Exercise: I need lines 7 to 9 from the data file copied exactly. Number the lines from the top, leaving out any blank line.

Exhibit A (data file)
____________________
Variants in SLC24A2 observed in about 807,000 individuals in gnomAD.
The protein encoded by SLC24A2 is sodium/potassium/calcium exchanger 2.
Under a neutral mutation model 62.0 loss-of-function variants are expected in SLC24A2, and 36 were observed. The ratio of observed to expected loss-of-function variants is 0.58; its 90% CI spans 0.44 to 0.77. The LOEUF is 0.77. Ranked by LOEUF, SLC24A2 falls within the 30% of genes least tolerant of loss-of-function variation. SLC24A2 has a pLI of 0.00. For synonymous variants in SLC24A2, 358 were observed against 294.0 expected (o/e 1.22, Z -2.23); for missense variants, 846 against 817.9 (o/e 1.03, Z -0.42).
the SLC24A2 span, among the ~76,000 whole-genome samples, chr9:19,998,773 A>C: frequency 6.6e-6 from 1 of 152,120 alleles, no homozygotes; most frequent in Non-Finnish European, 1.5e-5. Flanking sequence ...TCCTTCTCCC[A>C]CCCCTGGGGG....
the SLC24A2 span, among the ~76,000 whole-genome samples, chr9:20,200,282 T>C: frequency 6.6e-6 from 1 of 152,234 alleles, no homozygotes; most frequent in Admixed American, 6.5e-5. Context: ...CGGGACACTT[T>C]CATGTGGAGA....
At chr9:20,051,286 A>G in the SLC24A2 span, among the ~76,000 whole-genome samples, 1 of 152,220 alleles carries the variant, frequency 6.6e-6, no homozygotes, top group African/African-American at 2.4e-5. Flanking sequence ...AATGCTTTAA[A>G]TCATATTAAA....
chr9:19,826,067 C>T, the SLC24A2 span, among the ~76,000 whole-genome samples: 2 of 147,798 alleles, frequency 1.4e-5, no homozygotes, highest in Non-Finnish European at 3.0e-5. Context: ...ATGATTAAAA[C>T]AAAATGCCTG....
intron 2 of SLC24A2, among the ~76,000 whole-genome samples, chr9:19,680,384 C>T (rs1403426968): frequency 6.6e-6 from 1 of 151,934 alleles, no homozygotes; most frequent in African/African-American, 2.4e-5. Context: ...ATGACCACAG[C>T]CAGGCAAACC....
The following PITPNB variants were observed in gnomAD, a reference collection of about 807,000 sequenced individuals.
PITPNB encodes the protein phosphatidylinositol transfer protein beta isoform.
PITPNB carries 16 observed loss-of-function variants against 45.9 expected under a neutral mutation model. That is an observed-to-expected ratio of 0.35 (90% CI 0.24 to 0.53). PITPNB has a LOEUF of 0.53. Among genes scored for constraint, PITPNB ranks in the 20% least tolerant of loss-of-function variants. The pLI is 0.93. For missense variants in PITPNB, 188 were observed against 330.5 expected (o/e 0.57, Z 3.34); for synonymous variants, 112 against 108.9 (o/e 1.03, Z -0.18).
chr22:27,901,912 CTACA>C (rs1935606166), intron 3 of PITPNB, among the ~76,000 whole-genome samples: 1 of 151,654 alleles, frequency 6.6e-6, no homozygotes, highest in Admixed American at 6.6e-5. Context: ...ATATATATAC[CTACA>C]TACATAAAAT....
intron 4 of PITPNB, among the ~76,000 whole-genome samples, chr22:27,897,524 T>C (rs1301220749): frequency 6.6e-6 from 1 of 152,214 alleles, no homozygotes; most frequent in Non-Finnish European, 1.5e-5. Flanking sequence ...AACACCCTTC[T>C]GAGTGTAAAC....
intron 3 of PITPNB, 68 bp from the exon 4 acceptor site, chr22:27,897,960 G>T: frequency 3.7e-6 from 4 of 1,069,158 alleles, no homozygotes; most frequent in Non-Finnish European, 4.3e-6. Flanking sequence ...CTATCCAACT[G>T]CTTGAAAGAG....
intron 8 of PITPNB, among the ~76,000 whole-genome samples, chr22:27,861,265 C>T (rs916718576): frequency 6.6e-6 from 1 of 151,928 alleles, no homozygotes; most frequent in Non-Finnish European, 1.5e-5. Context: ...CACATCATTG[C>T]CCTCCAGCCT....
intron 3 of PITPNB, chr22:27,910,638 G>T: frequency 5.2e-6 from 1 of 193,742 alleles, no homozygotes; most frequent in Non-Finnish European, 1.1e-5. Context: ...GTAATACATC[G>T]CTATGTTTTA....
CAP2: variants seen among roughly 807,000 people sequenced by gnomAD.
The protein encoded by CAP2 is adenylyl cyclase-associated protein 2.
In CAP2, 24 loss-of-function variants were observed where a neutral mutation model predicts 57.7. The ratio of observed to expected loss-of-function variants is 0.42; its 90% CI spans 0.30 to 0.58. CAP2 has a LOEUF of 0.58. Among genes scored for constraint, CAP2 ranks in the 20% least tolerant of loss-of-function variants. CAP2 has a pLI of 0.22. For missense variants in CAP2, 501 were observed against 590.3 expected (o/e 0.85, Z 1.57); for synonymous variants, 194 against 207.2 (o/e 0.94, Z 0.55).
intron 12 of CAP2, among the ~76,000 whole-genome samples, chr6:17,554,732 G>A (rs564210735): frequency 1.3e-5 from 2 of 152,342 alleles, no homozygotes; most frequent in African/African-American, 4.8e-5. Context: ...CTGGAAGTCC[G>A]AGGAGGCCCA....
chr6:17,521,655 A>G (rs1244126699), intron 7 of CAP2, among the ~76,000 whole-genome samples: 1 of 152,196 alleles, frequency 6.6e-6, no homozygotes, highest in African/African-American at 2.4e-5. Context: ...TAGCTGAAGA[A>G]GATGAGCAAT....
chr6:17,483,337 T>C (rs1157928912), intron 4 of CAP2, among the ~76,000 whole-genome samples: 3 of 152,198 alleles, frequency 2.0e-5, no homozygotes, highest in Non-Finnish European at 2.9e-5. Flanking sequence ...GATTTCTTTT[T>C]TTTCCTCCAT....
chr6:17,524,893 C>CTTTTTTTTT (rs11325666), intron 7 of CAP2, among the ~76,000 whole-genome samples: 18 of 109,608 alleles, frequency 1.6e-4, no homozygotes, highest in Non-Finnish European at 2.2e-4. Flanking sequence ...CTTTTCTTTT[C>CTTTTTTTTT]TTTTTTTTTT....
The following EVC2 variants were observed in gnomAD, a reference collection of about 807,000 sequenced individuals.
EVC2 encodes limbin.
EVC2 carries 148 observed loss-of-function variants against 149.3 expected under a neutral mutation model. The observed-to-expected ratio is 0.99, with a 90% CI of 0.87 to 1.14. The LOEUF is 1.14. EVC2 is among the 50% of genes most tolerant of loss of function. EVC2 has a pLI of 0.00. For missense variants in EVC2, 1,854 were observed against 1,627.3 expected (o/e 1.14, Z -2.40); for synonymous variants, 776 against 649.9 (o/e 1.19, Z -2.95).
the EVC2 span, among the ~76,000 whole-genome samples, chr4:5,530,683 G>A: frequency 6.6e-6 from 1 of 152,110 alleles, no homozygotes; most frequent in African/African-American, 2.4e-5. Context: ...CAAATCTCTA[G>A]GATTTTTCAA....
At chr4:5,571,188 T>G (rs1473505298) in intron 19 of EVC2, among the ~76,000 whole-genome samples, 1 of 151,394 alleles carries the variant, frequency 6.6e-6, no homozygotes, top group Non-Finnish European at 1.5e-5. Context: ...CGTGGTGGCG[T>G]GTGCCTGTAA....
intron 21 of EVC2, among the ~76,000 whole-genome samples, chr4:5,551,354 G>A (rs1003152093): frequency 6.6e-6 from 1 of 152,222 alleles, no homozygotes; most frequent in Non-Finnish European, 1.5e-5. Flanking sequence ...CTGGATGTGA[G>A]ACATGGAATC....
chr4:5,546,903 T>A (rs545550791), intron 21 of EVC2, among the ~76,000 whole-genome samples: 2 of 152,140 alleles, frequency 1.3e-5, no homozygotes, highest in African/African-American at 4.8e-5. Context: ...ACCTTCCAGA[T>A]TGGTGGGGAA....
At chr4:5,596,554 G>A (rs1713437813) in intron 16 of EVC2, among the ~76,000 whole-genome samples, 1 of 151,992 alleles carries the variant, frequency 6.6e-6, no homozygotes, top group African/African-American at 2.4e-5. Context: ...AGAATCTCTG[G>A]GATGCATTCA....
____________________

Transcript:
chr9:19,826,067 C>T, the SLC24A2 span, among the ~76,000 whole-genome samples: 2 of 147,798 alleles, frequency 1.4e-5, no homozygotes, highest in Non-Finnish European at 3.0e-5. Context: ...ATGATTAAAA[C>T]AAAATGCCTG....
intron 2 of SLC24A2, among the ~76,000 whole-genome samples, chr9:19,680,384 C>T (rs1403426968): frequency 6.6e-6 from 1 of 151,934 alleles, no homozygotes; most frequent in African/African-American, 2.4e-5. Context: ...ATGACCACAG[C>T]CAGGCAAACC....
The following PITPNB variants were observed in gnomAD, a reference collection of about 807,000 sequenced individuals.